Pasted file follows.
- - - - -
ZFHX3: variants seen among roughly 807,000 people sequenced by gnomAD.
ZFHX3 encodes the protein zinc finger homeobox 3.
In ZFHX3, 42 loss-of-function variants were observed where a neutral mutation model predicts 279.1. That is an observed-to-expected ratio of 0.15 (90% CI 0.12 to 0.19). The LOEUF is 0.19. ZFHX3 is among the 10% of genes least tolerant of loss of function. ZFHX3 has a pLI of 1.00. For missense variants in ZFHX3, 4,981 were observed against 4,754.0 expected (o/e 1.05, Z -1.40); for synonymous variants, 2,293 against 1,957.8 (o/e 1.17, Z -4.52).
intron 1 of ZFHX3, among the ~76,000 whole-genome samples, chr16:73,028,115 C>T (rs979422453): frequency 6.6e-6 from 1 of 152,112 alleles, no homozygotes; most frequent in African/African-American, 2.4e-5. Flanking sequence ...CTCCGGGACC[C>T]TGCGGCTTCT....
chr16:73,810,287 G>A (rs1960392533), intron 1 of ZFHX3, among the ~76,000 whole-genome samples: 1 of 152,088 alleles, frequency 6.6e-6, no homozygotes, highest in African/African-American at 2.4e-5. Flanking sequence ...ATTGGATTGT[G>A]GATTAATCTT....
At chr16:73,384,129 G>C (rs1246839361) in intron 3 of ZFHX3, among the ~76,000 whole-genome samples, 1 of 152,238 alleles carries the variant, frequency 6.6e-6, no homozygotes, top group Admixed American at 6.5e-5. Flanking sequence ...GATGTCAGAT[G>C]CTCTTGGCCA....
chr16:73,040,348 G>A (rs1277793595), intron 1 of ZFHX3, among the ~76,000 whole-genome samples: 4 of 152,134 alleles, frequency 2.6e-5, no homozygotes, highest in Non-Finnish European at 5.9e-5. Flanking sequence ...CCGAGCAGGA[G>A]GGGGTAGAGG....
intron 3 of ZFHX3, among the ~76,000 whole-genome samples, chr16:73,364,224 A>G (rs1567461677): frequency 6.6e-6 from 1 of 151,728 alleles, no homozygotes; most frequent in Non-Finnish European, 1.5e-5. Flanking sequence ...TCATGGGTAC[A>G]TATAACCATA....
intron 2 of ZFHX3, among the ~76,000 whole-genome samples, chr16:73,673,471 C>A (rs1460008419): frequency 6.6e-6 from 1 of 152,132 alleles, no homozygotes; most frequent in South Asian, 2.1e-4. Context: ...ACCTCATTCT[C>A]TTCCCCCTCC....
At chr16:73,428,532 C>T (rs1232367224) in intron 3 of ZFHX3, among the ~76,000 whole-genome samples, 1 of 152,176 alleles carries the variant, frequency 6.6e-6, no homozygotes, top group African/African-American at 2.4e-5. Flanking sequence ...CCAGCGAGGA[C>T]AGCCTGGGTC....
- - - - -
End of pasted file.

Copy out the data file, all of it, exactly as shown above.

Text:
ZFHX3: variants seen among roughly 807,000 people sequenced by gnomAD.
ZFHX3 encodes the protein zinc finger homeobox 3.
In ZFHX3, 42 loss-of-function variants were observed where a neutral mutation model predicts 279.1. That is an observed-to-expected ratio of 0.15 (90% CI 0.12 to 0.19). The LOEUF is 0.19. ZFHX3 is among the 10% of genes least tolerant of loss of function. ZFHX3 has a pLI of 1.00. For missense variants in ZFHX3, 4,981 were observed against 4,754.0 expected (o/e 1.05, Z -1.40); for synonymous variants, 2,293 against 1,957.8 (o/e 1.17, Z -4.52).
intron 1 of ZFHX3, among the ~76,000 whole-genome samples, chr16:73,028,115 C>T (rs979422453): frequency 6.6e-6 from 1 of 152,112 alleles, no homozygotes; most frequent in African/African-American, 2.4e-5. Flanking sequence ...CTCCGGGACC[C>T]TGCGGCTTCT....
chr16:73,810,287 G>A (rs1960392533), intron 1 of ZFHX3, among the ~76,000 whole-genome samples: 1 of 152,088 alleles, frequency 6.6e-6, no homozygotes, highest in African/African-American at 2.4e-5. Flanking sequence ...ATTGGATTGT[G>A]GATTAATCTT....
At chr16:73,384,129 G>C (rs1246839361) in intron 3 of ZFHX3, among the ~76,000 whole-genome samples, 1 of 152,238 alleles carries the variant, frequency 6.6e-6, no homozygotes, top group Admixed American at 6.5e-5. Flanking sequence ...GATGTCAGAT[G>C]CTCTTGGCCA....
chr16:73,040,348 G>A (rs1277793595), intron 1 of ZFHX3, among the ~76,000 whole-genome samples: 4 of 152,134 alleles, frequency 2.6e-5, no homozygotes, highest in Non-Finnish European at 5.9e-5. Flanking sequence ...CCGAGCAGGA[G>A]GGGGTAGAGG....
intron 3 of ZFHX3, among the ~76,000 whole-genome samples, chr16:73,364,224 A>G (rs1567461677): frequency 6.6e-6 from 1 of 151,728 alleles, no homozygotes; most frequent in Non-Finnish European, 1.5e-5. Flanking sequence ...TCATGGGTAC[A>G]TATAACCATA....
intron 2 of ZFHX3, among the ~76,000 whole-genome samples, chr16:73,673,471 C>A (rs1460008419): frequency 6.6e-6 from 1 of 152,132 alleles, no homozygotes; most frequent in South Asian, 2.1e-4. Context: ...ACCTCATTCT[C>A]TTCCCCCTCC....
At chr16:73,428,532 C>T (rs1232367224) in intron 3 of ZFHX3, among the ~76,000 whole-genome samples, 1 of 152,176 alleles carries the variant, frequency 6.6e-6, no homozygotes, top group African/African-American at 2.4e-5. Flanking sequence ...CCAGCGAGGA[C>T]AGCCTGGGTC....